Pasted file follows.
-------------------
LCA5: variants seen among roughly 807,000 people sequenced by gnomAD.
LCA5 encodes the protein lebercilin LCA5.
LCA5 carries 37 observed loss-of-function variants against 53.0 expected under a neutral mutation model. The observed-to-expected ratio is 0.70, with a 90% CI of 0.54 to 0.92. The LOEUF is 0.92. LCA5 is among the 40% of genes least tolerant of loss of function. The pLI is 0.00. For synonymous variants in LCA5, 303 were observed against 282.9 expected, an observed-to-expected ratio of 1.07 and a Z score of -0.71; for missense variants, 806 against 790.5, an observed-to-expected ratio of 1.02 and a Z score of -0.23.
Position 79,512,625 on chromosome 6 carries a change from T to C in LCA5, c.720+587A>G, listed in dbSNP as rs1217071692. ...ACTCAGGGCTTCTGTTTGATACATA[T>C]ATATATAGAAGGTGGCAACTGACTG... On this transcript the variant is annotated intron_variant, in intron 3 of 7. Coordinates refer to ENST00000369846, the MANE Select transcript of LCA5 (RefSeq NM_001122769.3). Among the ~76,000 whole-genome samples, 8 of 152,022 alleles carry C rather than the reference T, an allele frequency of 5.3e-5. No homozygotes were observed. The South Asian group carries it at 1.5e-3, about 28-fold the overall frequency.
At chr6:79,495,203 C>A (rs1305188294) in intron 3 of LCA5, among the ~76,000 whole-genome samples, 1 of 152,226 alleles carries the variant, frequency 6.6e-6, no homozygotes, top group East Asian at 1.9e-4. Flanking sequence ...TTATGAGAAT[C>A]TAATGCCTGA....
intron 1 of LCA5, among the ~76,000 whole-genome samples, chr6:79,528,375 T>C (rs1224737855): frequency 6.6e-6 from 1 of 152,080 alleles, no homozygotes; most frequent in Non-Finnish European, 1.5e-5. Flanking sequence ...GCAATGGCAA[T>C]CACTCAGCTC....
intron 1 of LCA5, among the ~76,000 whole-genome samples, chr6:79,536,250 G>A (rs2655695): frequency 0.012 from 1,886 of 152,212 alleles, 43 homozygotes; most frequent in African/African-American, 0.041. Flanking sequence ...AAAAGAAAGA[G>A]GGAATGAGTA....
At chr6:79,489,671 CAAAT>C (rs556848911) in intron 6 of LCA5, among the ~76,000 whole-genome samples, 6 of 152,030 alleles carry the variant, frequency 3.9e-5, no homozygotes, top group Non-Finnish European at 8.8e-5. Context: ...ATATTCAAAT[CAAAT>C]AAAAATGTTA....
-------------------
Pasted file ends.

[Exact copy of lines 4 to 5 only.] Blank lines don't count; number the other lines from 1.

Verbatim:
Position 79,512,625 on chromosome 6 carries a change from T to C in LCA5, c.720+587A>G, listed in dbSNP as rs1217071692. ...ACTCAGGGCTTCTGTTTGATACATA[T>C]ATATATAGAAGGTGGCAACTGACTG... On this transcript the variant is annotated intron_variant, in intron 3 of 7. Coordinates refer to ENST00000369846, the MANE Select transcript of LCA5 (RefSeq NM_001122769.3). Among the ~76,000 whole-genome samples, 8 of 152,022 alleles carry C rather than the reference T, an allele frequency of 5.3e-5. No homozygotes were observed. The South Asian group carries it at 1.5e-3, about 28-fold the overall frequency.
At chr6:79,495,203 C>A (rs1305188294) in intron 3 of LCA5, among the ~76,000 whole-genome samples, 1 of 152,226 alleles carries the variant, frequency 6.6e-6, no homozygotes, top group East Asian at 1.9e-4. Flanking sequence ...TTATGAGAAT[C>A]TAATGCCTGA....